• Samuel at Gilgal

    This year I will be sharing brief excerpts from the articles, sermons, and books I am currently reading. My posts will not follow a regular schedule but will be published as I find well-written thoughts that should be of interest to maturing Christian readers. Whenever possible, I encourage you to go to the source and read the complete work of the author.

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What Is Behind The Curtain Of Atheism?

Is logical reason the primary objection of the atheist to the existence of God?  By this I mean, “Is the lack of objective evidence for God’s existence the foundation on which atheists rely for their conclusion that God does not exist?”  Also, one would have to ask, “Does there exist objective evidence that disproves God’s existence on which atheists rely for their conclusion that God does not exist?”

Having been an atheist from the time I was a teenager until the age of thirty-one, I personally look back and think that my objections to God’s existence may have been more than a pure intellectual exercise.  There was an emotional component to my objections that often blocked the unbiased pursuit of truth.  Possibly, it was the need to be in control or to seek status as a “modern intellectual.”

Dinesh D’Souza, in an article titled “Halting the Hitchens Express,” posted on ToTheSource.com, points out that there are other reasons besides faulty logic to try to erase God from our thinking:

“From Darwin‘s own day, many people were drawn to his ideas not merely because they were well supported but also because they could be interpreted to undermine the traditional understanding of God. As biologist Julian Huxley, the grandson of Darwin‘s friend and ally Thomas Henry Huxley, put it, ‘The sense of spiritual relief which comes from rejecting the idea of God as a supernatural being is enormous.’

“And from Julian’s brother Aldous Huxley, also a noted atheist, we have this revealing admission: ‘I had motives for not wanting the world to have a meaning; consequently I assumed that it had none, and was able without any difficulty to find satisfying reasons for this assumption…For myself, as no doubt for most of my contemporaries, the philosophy of meaninglessness was essentially an instrument of liberation. The liberation we desired was…liberation from a certain system of morality. We objected to the morality because it interfered with our sexual freedom.’

“As the statements of the two Huxleys suggest, the reason many atheists are drawn to deny God, and especially the Christian God, is to avoid having to answer in the next life for their lack of moral restraint in this one. The Huxleys know that Christianity places human action under the shadow of divine scrutiny and accountability. Christianity is a religion of love and forgiveness, but this love and forgiveness are temporal and, in a sense, conditional. Christian forgiveness stops at the gates of hell, and hell is an essential part of the Christian scheme. The point here is not that atheists do more evil than others, but rather that atheism provides a hiding place for those who do not want to acknowledge and repent of their sins.”

D’Souza’s entire article may be read at ToTheSource.com.  His conclusions draw us back to the explanation of man’s need to suppress the knowledge of God given by Paul in Romans:

“For the wrath of God is revealed from heaven against all ungodliness and unrighteousness of men, who by their unrighteousness suppress the truth.  For what can be known about God is plain to them, because God has shown it to them.  For his invisible attributes, namely, his eternal power and divine nature, have been clearly perceived, ever since the creation of the world, in the things that have been made.  So they are without excuse.  For although they knew God, they did not honor him as God or give thanks to him, but they became futile in their thinking, and their foolish hearts were darkened.  Claiming to be wise, they became fools, and exchanged the glory of the immortal God for images resembling mortal man and birds and animals and creeping things.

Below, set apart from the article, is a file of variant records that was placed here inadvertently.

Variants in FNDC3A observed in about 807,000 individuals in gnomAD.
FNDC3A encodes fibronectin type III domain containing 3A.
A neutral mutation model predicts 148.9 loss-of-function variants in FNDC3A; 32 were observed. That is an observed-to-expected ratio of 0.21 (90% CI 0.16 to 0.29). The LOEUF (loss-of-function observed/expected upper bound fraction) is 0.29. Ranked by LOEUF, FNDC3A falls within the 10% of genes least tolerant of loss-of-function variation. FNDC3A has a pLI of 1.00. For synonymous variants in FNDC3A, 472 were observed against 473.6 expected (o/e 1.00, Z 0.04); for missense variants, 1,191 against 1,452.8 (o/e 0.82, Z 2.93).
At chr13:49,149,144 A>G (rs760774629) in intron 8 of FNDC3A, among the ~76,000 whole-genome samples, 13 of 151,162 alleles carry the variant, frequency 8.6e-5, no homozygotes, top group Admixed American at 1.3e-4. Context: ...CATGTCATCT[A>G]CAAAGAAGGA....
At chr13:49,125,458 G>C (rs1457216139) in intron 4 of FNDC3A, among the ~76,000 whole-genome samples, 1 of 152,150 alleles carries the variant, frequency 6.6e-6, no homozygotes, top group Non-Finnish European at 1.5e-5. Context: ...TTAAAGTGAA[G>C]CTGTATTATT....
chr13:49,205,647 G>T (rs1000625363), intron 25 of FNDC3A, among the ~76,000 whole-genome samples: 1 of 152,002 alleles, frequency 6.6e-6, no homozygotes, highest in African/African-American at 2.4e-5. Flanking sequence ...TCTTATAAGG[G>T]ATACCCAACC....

“Therefore God gave them up in the lusts of their hearts to impurity, to the dishonoring of their bodies among themselves, because they exchanged the truth about God for a lie and worshiped and served the creature rather than the Creator, who is blessed forever! Amen.” (Romans 1:18-25, ESV)

In an attempt to escape the reality of our accountability to an all-powerful Creator, we ineffectually hide behind the fig leaves of atheism.  We are like small children who believe that because their eyes are shut and they cannot see – neither can they be seen.  Therefore, even though “what can be known about God is plain to” us, we do not acknowledge Him because to do so requires our  admission of responsibility to Him.  So, we deny Him or we redesign and morph God into a more acceptable form and character who provides us with more flexibility concerning our moral behaviors.  The later strategy is still a type of practical atheism only it is dressed with “religious” form.

Someone once said that, “The atheist can’t find God for the same reason that a thief can’t find a police officer.”  The most frightfully relevant comment on this topic for our generation may come from the words of Nicolai Berdyaev: “We find the most terrible form of atheism, not in the militant and passionate struggle against the idea of God Himself, but in the practical atheism of everyday living, in indifference and torpor.  We often encounter these forms of atheism among those who are formally Christians.”

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